This BEACON Researchers at Work blog post is by Dr. Shuwei Zhu, Prof. Lihong Xu, Prof. Erik D Goodman and Dr. Zhichao Lu.
BEACON’s Greenhouse research team, led by Prof. Lihong Xu (from Tongji University, China) and Prof. Erik D Goodman, has been doing work on BEACON’s international collaboration projects to model, optimize and control for the microclimate inside greenhouse with the aid of evolutionary techniques. We explore the capabilities of evolutionary algorithms for solving problems with multiple conflicting objectives and started from adapting some Multi-Objective Evolutionary Algorithms (MOEAs), including NSGA-II developed by a senior BEACONite—Prof. Kalyanmoy Deb, to explicitly tradeoff the greenhouse production and the associated energy cost. This strategy worked pretty well until we tried to take more objectives (such as the control precision) into our consideration, as the effectiveness of Pareto-dominance-based MOEAs deteriorates progressively as the number of objectives in the problem, given by M, grows.
It has been widely-believed that, the above issue is mainly due to the poor discriminability of Pareto optimality in many-objective spaces (typically M≥4). To be specific, solutions become incomparable which induced by the loss of Pareto-based selection pressure toward the true Pareto front (PF). As a consequence, research efforts have been driven in the general direction of developing solution ranking methods that do not rely on Pareto dominance (especially decomposition-based techniques), which can provide sufficient selection pressure. However, it is still a nontrivial issue for many existing non-Pareto-dominance-based evolutionary algorithms to deal with unknown irregular Pareto front shapes. For example, it is known that the performance of decomposition-based algorithms strongly depends on the Pareto front (PF) shapes, since the predefined set of weight directions plays a primary role in the performance of decomposition-based algorithms. Compared to decomposition-based methods, the performance of Pareto-dominance-based MOEAs is less related to the PF shapes.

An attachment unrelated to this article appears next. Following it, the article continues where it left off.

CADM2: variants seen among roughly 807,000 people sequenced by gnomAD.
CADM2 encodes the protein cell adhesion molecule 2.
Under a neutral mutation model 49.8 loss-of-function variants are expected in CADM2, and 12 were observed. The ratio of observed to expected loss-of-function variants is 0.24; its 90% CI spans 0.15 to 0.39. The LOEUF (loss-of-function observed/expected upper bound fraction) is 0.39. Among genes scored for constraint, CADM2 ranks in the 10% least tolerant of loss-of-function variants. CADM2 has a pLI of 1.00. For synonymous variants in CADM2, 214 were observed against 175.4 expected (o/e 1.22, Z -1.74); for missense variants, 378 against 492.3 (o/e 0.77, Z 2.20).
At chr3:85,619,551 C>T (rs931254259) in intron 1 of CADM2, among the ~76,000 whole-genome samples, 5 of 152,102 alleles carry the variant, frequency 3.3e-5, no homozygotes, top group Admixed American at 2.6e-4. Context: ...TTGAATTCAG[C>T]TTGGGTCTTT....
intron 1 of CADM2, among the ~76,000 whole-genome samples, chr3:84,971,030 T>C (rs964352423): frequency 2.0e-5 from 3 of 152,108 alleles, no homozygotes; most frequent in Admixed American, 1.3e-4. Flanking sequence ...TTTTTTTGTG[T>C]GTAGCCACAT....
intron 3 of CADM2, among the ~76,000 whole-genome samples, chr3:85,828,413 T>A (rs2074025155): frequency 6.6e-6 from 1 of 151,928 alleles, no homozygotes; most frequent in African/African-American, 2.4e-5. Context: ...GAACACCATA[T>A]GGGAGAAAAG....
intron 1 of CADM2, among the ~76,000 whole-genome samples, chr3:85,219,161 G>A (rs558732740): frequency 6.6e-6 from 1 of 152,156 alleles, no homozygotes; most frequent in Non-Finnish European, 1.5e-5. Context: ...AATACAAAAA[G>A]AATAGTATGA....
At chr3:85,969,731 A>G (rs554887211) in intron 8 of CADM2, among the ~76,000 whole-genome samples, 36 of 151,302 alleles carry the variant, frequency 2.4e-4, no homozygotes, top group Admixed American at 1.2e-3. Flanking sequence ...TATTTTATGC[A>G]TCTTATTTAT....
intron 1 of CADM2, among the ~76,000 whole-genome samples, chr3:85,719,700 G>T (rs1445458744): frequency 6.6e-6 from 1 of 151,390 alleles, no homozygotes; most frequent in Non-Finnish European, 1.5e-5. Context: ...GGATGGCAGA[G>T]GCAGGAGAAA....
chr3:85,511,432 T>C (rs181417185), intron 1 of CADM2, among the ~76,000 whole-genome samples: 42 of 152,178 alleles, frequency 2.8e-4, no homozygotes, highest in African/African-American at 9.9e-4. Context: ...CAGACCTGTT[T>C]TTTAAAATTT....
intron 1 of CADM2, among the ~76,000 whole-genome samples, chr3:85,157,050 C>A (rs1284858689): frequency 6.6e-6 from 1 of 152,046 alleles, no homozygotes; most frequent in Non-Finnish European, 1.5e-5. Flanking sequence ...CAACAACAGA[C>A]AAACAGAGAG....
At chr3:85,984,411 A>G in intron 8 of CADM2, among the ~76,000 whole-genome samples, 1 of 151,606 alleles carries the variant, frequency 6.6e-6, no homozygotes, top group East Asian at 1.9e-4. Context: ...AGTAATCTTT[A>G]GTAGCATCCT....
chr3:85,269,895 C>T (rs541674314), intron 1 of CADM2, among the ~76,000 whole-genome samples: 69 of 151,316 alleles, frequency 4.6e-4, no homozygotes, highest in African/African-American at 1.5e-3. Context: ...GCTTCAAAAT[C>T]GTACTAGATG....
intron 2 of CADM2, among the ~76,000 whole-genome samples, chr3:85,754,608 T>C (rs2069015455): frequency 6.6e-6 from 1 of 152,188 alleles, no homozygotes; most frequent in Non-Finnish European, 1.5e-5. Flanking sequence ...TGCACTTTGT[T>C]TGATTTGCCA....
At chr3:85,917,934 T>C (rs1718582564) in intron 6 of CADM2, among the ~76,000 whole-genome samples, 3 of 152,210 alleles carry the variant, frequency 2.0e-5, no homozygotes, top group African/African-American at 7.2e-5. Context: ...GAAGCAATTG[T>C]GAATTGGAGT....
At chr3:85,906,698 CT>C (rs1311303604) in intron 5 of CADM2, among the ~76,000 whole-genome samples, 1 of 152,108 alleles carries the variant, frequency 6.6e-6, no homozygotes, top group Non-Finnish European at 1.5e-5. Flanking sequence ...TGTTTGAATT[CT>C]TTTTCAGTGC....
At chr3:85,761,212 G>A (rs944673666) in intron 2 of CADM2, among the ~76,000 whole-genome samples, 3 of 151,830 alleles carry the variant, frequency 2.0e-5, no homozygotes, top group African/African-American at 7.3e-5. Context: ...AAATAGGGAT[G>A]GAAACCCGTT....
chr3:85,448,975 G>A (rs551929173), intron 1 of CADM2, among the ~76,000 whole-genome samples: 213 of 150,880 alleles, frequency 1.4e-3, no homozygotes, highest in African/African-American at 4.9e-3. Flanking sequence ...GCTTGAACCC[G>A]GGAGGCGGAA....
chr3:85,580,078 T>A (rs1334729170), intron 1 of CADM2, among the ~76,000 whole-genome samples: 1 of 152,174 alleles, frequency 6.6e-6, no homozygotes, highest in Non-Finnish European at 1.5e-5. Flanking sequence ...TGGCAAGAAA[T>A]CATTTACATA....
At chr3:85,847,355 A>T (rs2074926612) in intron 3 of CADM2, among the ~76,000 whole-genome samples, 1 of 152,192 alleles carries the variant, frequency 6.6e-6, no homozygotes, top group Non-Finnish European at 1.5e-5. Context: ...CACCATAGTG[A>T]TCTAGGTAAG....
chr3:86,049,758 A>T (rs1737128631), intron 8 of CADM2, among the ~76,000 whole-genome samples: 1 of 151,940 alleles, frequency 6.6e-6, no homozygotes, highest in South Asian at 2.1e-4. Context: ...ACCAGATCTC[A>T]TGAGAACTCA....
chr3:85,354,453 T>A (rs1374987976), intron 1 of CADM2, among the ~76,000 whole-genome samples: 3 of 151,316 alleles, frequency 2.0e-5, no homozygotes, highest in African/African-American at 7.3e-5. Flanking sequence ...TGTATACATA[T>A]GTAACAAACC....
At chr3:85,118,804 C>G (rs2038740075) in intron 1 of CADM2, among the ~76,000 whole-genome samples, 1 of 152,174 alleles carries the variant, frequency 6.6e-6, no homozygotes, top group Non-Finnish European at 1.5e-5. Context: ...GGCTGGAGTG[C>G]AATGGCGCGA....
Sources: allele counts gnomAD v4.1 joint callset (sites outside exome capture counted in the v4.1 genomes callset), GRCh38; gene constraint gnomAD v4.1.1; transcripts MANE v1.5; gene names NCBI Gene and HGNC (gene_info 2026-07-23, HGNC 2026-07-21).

To tackle the scalability problem of Pareto-based MOEAs, in our previous work  the generalization of Pareto optimality (GPO) was proposed to better discriminate among solutions. It can guarantee the identity of expanding the dominance area to improve selection pressure, but only at the cost of introducing some difficulty in diversity maintenance. Usually, excessive selection pressure tends to cause diversity maintenance to deteriorate, for example, it may lead the population to converge into a subregion (or several small subregions) of the PF; while excessive diversity pressure may result in degraded convergence performance. So the GPO still has difficulty to maintain the delicate balance between convergence and diversity.
Hence, a new many-objective evolutionary algorithm based on the generalization of Pareto optimality (GPO) is proposed, which is simple, yet effective, in addressing many-objective optimization problems. The proposed algorithm  used an “(M-1)+1” framework of GPO dominance, (M-1)-GPD for short, to rank solutions in the environmental selection step, in order to promote convergence and diversity simultaneously. To be specific, we apply M symmetrical cases of (M-1)-GPD, where each enhances the selection pressure of M-1 objectives by expanding the dominance area of solutions, while remaining unchanged for the one objective left out of that process. For clearer understanding, Fig. 1 shows a graphical explanation of (M-1)-GPD in the original f1-f2 space and the indirect objective spaces f1-Ω2 (blue) and Ω1-f2 (green).